At this stage my form looks to warrant a goal of 1:24 for the National Half-Marathon in Donegal in September and it would be good if I could have a go at breaking 37 and 18 minutes respectively for the 10k and the 5k. So why am I running relatively so much worse in the hills at the moment? The problem is strength.

A small heart or lungs could potentially limit an athlete's ability. From the earliest tests with Emma in 2007 it was clear that my lung capacity and heart rate are at a level where they will never hinder me in any meaningful way. Plenty of world champions have indeed shown comparable measurements. Ergo, the reason they were better is simply that they had other advantages. Any person blessed with a decent size heart and good lungs is unlikely to face a "bottleneck" in performance from this source.

It's now understood that muscle damage is the main cause of fatigue as the body starts shutting down motor units to prevent catastrophic muscular damage from occuring (Ross et al. 2009). Seb Coe already highlighted how important muscular development is in his book "Better Training for Distance Runners" commenting on what it takes to create a top-class 1500m runner:

"Third, athlete and coach will have realiszed that extended sprinting is a strength game, manageable only through a long-term plan of progressive overload, total-body strength development using weight training."

Why am I comparing hill running to 1500m running you ask? Well, because I will argue that hill running is a strength game too and it is one of the reasons you cannot transfer 100% from road to hill and vice-versa. For a well-rounded athlete with both strength and speed (or a modicum of both) the transition will be easier since he will rely on both factors to generate his speed.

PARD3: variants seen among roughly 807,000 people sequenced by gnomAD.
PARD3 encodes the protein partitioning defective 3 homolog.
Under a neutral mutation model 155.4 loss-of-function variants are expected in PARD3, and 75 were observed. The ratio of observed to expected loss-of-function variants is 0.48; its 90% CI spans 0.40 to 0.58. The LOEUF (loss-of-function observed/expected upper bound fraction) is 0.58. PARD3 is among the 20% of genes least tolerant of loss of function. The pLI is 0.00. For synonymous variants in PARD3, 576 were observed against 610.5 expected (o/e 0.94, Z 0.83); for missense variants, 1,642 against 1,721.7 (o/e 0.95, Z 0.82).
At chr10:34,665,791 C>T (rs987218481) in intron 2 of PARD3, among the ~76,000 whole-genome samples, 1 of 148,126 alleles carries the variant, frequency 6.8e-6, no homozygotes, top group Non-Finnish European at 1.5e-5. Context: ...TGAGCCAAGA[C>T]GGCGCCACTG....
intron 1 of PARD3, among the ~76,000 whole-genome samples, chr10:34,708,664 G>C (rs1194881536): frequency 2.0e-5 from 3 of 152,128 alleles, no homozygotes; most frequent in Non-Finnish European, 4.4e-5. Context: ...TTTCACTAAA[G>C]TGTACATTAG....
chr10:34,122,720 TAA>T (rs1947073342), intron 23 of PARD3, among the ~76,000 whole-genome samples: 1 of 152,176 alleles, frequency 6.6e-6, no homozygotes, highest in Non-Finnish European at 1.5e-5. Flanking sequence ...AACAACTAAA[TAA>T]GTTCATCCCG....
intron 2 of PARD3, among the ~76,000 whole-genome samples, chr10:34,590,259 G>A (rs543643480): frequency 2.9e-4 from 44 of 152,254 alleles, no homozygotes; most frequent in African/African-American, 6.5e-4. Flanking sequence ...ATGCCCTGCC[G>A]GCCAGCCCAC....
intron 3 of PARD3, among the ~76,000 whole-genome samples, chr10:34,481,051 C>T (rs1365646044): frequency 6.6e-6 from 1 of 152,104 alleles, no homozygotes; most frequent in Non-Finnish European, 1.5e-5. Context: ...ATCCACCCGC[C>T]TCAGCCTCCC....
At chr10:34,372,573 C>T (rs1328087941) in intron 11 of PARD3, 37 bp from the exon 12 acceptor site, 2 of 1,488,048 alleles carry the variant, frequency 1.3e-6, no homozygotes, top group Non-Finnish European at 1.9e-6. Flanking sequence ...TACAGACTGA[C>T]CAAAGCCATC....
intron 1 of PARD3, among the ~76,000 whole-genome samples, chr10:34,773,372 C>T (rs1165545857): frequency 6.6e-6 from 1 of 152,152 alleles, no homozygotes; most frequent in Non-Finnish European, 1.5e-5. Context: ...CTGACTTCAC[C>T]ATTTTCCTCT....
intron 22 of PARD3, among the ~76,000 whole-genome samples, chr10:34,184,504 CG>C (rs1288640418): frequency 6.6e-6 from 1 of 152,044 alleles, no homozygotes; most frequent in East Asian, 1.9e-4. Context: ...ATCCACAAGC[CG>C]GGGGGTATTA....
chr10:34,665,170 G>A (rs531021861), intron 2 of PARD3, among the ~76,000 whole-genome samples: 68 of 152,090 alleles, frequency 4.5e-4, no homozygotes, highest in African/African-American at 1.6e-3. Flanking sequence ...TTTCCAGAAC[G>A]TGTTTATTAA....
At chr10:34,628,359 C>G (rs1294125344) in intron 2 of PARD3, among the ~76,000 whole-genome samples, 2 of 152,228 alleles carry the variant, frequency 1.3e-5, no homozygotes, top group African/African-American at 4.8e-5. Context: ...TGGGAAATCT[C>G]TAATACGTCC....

I believe my problem stems from the fact that I rely almost solely on biomechanics and neuromuscular adaptations to run fast and very little on strength. Indeed I have no doubt that if you compare leg strength between me and runners 20-30 places behind me in the hills you would find, on average, that my leg strength is poorer.

As Aoife likes to point out: "Your legs are like twigs". "Like Kenyans", I'll gleefully reply before being shot down with "no, not muscly". Strength tests have always confirmed the same and its quite clear that there is only one solution for the Winter training if I want to have any chance of using my running ability effectively in the hills: A strict programme of static weight training followed by controlled application of plyometrics. Only by "biting the sour apple", to borrow a Danish phrase, and doing training I dislike can I overcome a fundamental disadvantage.

I must keep in mind, however, that while I seem to have been given good biomechanics, effective neuromuscular coordination and a strong physiological engine (blood, heart, lungs etc.) my muscle fibres could be of such poor quality that they will always hamper me to some degree. I am hopeful this is not the case but it will certainly be hard work.

But until then, this training has given me a real buzz and gives me consolation that while its not yet visible in the hills, I keep improving and should have an exciting cross-country season ahead of me.